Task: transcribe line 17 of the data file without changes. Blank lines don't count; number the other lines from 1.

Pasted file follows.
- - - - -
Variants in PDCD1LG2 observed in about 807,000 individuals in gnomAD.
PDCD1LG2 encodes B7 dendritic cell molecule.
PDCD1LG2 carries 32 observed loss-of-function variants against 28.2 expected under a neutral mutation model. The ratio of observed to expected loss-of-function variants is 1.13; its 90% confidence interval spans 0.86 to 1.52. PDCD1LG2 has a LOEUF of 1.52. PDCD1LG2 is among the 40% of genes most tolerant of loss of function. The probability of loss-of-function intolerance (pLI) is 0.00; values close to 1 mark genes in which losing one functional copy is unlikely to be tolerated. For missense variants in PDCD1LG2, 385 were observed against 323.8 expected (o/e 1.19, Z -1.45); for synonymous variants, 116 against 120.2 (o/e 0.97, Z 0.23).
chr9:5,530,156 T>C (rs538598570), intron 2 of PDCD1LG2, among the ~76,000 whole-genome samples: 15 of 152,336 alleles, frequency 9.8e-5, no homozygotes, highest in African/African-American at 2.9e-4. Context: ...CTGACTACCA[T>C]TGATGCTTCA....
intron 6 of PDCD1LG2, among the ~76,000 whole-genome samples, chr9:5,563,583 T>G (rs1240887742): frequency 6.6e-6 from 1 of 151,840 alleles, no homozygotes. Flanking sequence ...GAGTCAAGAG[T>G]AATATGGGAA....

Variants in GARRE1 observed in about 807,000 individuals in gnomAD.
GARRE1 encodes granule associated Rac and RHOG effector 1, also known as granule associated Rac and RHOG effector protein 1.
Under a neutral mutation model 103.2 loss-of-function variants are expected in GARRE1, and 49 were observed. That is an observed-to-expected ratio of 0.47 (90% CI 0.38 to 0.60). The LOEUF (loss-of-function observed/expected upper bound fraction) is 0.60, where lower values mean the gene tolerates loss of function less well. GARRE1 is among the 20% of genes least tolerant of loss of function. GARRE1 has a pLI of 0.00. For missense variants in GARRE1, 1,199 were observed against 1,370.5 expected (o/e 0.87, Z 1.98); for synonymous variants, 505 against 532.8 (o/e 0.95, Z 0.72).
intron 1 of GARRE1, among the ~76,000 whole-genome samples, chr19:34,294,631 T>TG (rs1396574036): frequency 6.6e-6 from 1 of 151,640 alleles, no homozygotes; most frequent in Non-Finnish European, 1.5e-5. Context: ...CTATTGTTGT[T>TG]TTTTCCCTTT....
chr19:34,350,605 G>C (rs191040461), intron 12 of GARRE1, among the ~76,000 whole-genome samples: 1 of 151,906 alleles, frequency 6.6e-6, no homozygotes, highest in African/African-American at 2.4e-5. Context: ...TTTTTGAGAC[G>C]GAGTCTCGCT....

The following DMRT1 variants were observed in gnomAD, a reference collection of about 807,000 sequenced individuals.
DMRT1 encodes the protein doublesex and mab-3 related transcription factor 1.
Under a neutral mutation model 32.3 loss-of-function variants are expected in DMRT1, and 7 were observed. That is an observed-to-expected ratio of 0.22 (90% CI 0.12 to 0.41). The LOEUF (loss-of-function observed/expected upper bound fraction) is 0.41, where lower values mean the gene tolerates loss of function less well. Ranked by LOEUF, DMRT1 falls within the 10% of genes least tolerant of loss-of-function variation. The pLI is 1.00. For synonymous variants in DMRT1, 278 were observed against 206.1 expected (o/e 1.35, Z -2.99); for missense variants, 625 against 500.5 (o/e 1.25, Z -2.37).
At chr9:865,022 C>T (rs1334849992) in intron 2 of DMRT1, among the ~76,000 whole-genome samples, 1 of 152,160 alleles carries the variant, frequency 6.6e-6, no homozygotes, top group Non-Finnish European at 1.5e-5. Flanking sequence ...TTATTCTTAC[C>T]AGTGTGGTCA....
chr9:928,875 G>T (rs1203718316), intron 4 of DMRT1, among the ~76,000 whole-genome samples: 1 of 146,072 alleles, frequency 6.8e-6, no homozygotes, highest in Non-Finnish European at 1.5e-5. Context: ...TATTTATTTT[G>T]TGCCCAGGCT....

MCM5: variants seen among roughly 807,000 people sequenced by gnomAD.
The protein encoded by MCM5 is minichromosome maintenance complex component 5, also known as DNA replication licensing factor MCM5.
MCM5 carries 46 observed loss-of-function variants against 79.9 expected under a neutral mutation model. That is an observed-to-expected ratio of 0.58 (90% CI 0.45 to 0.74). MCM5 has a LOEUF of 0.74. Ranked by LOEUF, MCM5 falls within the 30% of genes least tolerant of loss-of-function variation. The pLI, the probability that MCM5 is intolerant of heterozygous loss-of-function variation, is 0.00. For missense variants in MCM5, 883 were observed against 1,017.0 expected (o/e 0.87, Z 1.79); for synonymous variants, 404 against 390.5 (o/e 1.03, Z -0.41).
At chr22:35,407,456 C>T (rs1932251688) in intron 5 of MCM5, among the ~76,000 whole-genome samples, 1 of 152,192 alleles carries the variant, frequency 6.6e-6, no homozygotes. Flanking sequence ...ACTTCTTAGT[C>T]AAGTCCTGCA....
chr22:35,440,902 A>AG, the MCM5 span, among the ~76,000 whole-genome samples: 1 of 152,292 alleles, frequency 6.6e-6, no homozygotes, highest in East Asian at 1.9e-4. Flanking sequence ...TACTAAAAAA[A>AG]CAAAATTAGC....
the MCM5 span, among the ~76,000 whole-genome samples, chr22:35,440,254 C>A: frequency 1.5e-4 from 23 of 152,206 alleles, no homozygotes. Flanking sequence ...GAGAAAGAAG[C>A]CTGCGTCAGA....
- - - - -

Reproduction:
The protein encoded by MCM5 is minichromosome maintenance complex component 5, also known as DNA replication licensing factor MCM5.